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              A Robust, Simple Genotyping-by-Sequencing (GBS) Approach for High Diversity Species

              Advances in next generation technologies have driven the costs of DNA sequencing down to the point that genotyping-by-sequencing (GBS) is now feasible for high diversity, large genome species. Here, we report a procedure for constructing GBS libraries based on reducing genome complexity with restriction enzymes (REs). This approach is simple, quick, extremely specific, highly reproducible, and may reach important regions of the genome that are inaccessible to sequence capture approaches. By using methylation-sensitive REs, repetitive regions of genomes can be avoided and lower copy regions targeted with two to three fold higher efficiency. This tremendously simplifies computationally challenging alignment problems in species with high levels of genetic diversity. The GBS procedure is demonstrated with maize (IBM) and barley (Oregon Wolfe Barley) recombinant inbred populations where roughly 200,000 and 25,000 sequence tags were mapped, respectively. An advantage in species like barley that lack a complete genome sequence is that a reference map need only be developed around the restriction sites, and this can be done in the process of sample genotyping. In such cases, the consensus of the read clusters across the sequence tagged sites becomes the reference. Alternatively, for kinship analyses in the absence of a reference genome, the sequence tags can simply be treated as dominant markers. Future application of GBS to breeding, conservation, and global species and population surveys may allow plant breeders to conduct genomic selection on a novel germplasm or species without first having to develop any prior molecular tools, or conservation biologists to determine population structure without prior knowledge of the genome or diversity in the species.

                Author and article information

                G3 (Bethesda)
                G3: Genes, Genomes, Genetics
                G3: Genes, Genomes, Genetics
                G3: Genes, Genomes, Genetics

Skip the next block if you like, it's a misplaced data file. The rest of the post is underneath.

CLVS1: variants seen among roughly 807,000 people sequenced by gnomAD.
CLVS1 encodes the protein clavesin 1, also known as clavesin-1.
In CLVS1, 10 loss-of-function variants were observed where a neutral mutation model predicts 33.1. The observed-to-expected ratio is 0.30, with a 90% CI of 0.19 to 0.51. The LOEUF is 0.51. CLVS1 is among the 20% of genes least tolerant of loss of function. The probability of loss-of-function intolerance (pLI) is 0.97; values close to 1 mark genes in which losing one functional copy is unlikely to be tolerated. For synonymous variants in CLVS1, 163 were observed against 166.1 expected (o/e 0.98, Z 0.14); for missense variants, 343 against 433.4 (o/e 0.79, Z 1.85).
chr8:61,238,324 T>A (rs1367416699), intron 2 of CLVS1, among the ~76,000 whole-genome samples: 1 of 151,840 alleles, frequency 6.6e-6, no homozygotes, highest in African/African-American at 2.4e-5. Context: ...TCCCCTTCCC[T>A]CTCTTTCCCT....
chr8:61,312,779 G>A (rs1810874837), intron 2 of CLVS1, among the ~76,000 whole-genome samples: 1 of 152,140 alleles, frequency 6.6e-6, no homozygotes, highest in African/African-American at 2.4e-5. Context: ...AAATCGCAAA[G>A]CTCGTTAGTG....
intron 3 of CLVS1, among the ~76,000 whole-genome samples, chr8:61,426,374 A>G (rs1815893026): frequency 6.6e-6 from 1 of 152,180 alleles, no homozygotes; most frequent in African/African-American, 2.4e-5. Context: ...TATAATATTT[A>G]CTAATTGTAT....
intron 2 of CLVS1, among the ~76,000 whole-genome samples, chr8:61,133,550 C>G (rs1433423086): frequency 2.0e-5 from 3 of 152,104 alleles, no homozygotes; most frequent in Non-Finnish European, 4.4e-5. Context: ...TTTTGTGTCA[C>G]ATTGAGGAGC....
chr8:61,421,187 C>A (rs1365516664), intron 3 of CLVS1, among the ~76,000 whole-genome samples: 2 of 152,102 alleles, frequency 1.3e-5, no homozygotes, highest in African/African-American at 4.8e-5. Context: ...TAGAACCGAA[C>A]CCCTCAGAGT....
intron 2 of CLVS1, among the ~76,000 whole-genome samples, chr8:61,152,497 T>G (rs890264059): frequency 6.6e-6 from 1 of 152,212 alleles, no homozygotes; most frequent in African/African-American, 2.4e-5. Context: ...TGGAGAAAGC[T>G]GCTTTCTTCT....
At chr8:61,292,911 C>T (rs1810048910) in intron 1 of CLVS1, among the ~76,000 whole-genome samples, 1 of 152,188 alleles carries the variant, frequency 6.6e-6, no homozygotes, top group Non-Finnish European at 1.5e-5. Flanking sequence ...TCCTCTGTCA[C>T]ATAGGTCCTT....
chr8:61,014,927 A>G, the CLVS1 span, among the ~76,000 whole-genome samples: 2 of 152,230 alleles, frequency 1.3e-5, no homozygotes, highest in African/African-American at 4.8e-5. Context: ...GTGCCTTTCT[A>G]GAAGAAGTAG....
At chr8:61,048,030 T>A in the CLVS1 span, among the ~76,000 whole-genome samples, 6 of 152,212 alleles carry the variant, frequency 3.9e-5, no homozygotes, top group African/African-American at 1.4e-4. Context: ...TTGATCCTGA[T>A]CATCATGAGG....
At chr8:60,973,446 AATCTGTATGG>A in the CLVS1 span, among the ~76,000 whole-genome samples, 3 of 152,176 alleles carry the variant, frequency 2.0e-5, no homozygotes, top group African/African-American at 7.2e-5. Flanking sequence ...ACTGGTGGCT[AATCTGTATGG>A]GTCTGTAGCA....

G3: Genes|Genomes|Genetics
                Genetics Society of America
                20 April 2020
                June 2020
                : 10
                : 6
                : 2069-2078
                [* ]Department of Animal Breeding and Genetics, Swedish University of Agricultural Sciences, Box 7090, 750 07 Uppsala, Sweden,
                [ ]Invermay Agricultural Centre, AgResearch, Private Bag 50034, Mosgiel 9053, New Zealand,
                [ ]Aquaculture Center North, Åvägen 17, 844 61 Kälarne, Sweden, and
                [ § ]Department of Mathematics and Statistics, University of Otago, Dunedin 9054, New Zealand
                Author notes
                [1 ]Corresponding author: Swedish University of Agricultural Sciences, Box 7090, Uppsala Sweden. E-mail: christos.palaiokostas@ 123456slu.se .
                Author information
                Copyright © 2020 Palaiokostas et al.

                This is an open-access article distributed under the terms of the Creative Commons Attribution 4.0 International License ( http://creativecommons.org/licenses/by/4.0/), which permits unrestricted use, distribution, and reproduction in any medium, provided the original work is properly cited.

                : 18 February 2020
                : 16 April 2020
                Page count
                Figures: 4, Tables: 4, Equations: 4, References: 59, Pages: 10
                Genomic Prediction

                arctic charr,genotyping by sequencing,selective breeding
                arctic charr, genotyping by sequencing, selective breeding